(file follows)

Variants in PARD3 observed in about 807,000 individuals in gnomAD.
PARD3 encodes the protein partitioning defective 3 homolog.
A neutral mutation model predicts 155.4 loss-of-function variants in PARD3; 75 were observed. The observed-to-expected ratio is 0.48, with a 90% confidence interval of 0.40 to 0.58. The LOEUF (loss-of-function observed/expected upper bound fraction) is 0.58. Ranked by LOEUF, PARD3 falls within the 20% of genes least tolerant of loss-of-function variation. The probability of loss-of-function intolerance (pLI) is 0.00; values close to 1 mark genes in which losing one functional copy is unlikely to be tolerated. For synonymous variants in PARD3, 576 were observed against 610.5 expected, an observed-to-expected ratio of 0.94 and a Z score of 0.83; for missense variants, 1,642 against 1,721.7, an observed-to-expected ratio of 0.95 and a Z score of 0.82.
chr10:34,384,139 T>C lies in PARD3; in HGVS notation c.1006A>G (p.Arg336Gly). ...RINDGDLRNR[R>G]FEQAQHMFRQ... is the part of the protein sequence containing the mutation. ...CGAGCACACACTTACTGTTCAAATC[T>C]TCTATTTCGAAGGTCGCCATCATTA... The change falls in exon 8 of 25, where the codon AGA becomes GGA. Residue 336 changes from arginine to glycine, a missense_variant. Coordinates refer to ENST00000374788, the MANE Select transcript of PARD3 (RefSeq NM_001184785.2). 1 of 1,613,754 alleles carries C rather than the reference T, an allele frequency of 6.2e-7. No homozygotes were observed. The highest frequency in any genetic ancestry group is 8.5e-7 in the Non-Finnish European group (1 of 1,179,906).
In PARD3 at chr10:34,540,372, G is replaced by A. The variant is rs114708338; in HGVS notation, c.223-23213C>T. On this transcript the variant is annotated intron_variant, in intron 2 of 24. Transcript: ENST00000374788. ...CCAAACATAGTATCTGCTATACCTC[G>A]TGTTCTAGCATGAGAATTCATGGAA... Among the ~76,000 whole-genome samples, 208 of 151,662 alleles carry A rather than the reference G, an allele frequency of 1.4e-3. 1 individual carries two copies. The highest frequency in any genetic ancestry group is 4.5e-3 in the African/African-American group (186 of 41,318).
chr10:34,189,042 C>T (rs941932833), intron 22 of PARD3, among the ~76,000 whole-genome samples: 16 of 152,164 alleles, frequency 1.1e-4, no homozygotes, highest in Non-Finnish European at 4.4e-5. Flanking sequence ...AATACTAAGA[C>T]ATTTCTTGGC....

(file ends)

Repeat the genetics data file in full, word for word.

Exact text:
Variants in PARD3 observed in about 807,000 individuals in gnomAD.
PARD3 encodes the protein partitioning defective 3 homolog.
A neutral mutation model predicts 155.4 loss-of-function variants in PARD3; 75 were observed. The observed-to-expected ratio is 0.48, with a 90% confidence interval of 0.40 to 0.58. The LOEUF (loss-of-function observed/expected upper bound fraction) is 0.58. Ranked by LOEUF, PARD3 falls within the 20% of genes least tolerant of loss-of-function variation. The probability of loss-of-function intolerance (pLI) is 0.00; values close to 1 mark genes in which losing one functional copy is unlikely to be tolerated. For synonymous variants in PARD3, 576 were observed against 610.5 expected, an observed-to-expected ratio of 0.94 and a Z score of 0.83; for missense variants, 1,642 against 1,721.7, an observed-to-expected ratio of 0.95 and a Z score of 0.82.
chr10:34,384,139 T>C lies in PARD3; in HGVS notation c.1006A>G (p.Arg336Gly). ...RINDGDLRNR[R>G]FEQAQHMFRQ... is the part of the protein sequence containing the mutation. ...CGAGCACACACTTACTGTTCAAATC[T>C]TCTATTTCGAAGGTCGCCATCATTA... The change falls in exon 8 of 25, where the codon AGA becomes GGA. Residue 336 changes from arginine to glycine, a missense_variant. Coordinates refer to ENST00000374788, the MANE Select transcript of PARD3 (RefSeq NM_001184785.2). 1 of 1,613,754 alleles carries C rather than the reference T, an allele frequency of 6.2e-7. No homozygotes were observed. The highest frequency in any genetic ancestry group is 8.5e-7 in the Non-Finnish European group (1 of 1,179,906).
In PARD3 at chr10:34,540,372, G is replaced by A. The variant is rs114708338; in HGVS notation, c.223-23213C>T. On this transcript the variant is annotated intron_variant, in intron 2 of 24. Transcript: ENST00000374788. ...CCAAACATAGTATCTGCTATACCTC[G>A]TGTTCTAGCATGAGAATTCATGGAA... Among the ~76,000 whole-genome samples, 208 of 151,662 alleles carry A rather than the reference G, an allele frequency of 1.4e-3. 1 individual carries two copies. The highest frequency in any genetic ancestry group is 4.5e-3 in the African/African-American group (186 of 41,318).
chr10:34,189,042 C>T (rs941932833), intron 22 of PARD3, among the ~76,000 whole-genome samples: 16 of 152,164 alleles, frequency 1.1e-4, no homozygotes, highest in Non-Finnish European at 4.4e-5. Flanking sequence ...AATACTAAGA[C>T]ATTTCTTGGC....